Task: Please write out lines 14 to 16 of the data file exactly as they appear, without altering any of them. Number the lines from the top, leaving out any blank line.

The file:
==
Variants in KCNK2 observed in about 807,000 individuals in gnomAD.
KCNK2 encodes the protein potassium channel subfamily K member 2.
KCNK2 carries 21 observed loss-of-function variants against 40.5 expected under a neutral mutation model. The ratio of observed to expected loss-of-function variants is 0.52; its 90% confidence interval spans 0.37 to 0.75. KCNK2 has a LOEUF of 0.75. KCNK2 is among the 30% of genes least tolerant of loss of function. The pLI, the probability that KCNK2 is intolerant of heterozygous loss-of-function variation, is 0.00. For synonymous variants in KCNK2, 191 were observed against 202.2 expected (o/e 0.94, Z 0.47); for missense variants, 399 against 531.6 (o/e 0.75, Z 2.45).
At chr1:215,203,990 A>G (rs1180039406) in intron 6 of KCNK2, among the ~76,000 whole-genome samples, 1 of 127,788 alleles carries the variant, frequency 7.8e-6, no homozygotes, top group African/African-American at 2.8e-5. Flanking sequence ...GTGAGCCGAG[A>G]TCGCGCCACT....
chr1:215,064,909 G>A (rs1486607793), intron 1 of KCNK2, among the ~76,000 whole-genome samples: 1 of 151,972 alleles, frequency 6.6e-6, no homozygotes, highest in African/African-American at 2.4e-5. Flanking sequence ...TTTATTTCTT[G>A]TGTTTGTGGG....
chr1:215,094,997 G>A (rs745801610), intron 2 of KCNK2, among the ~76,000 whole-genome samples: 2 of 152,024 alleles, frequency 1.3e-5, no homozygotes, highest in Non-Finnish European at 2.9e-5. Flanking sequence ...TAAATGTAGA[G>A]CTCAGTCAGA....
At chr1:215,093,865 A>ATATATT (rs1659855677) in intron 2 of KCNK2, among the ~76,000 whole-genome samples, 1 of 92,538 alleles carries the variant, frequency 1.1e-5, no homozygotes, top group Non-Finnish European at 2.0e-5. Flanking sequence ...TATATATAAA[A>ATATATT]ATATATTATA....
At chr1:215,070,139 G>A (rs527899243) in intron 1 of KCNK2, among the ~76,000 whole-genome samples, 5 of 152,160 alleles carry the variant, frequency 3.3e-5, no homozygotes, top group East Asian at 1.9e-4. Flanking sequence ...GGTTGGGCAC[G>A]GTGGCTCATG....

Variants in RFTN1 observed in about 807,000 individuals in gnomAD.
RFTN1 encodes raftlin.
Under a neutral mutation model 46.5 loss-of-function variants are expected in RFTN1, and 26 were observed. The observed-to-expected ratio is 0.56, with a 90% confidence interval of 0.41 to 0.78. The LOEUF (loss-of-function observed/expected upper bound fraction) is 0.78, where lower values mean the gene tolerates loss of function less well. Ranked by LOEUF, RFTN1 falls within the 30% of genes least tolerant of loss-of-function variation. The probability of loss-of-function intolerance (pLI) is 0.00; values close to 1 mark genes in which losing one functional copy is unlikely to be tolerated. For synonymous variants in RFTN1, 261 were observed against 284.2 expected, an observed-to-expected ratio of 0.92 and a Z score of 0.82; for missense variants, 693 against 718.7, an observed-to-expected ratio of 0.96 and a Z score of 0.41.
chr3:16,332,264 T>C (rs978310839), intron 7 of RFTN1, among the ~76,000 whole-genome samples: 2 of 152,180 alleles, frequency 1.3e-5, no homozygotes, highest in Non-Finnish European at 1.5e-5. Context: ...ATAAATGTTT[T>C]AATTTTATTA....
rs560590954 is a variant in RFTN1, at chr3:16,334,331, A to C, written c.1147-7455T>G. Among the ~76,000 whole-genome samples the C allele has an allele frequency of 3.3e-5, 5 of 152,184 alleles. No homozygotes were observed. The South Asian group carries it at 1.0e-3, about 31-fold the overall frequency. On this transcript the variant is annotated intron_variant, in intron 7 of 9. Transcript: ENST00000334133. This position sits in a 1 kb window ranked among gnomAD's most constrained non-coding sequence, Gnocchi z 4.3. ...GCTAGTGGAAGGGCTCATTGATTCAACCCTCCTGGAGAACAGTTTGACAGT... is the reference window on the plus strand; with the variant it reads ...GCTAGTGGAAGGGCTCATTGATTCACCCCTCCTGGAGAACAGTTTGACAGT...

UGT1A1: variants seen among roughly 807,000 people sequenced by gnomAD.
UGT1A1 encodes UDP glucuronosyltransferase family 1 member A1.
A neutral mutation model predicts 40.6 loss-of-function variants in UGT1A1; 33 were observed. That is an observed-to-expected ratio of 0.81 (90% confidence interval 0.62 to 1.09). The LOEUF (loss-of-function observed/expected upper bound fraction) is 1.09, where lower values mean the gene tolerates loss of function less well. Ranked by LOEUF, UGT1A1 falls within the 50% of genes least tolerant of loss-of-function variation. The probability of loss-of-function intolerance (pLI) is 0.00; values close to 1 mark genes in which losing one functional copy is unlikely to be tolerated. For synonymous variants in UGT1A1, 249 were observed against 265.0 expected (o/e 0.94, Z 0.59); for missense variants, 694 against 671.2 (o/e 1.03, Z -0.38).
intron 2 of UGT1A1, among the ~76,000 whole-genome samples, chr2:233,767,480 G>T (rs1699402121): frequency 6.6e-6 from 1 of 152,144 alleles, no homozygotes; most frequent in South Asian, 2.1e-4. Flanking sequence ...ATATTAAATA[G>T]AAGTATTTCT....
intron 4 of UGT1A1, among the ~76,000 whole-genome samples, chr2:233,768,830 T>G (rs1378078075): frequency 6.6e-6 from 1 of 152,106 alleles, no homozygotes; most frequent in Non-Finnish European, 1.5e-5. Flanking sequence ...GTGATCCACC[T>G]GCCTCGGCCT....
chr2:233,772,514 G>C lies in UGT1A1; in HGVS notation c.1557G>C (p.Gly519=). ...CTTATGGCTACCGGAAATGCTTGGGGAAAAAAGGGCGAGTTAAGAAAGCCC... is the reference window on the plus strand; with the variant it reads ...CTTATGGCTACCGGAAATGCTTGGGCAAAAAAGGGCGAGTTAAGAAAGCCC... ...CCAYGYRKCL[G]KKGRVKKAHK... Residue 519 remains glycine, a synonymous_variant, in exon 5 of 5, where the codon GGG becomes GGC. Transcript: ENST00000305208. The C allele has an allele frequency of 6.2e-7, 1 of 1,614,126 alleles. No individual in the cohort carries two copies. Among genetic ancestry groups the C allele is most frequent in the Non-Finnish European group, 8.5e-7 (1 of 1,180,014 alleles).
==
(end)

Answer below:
UGT1A1: variants seen among roughly 807,000 people sequenced by gnomAD.
UGT1A1 encodes UDP glucuronosyltransferase family 1 member A1.
A neutral mutation model predicts 40.6 loss-of-function variants in UGT1A1; 33 were observed. That is an observed-to-expected ratio of 0.81 (90% confidence interval 0.62 to 1.09). The LOEUF (loss-of-function observed/expected upper bound fraction) is 1.09, where lower values mean the gene tolerates loss of function less well. Ranked by LOEUF, UGT1A1 falls within the 50% of genes least tolerant of loss-of-function variation. The probability of loss-of-function intolerance (pLI) is 0.00; values close to 1 mark genes in which losing one functional copy is unlikely to be tolerated. For synonymous variants in UGT1A1, 249 were observed against 265.0 expected (o/e 0.94, Z 0.59); for missense variants, 694 against 671.2 (o/e 1.03, Z -0.38).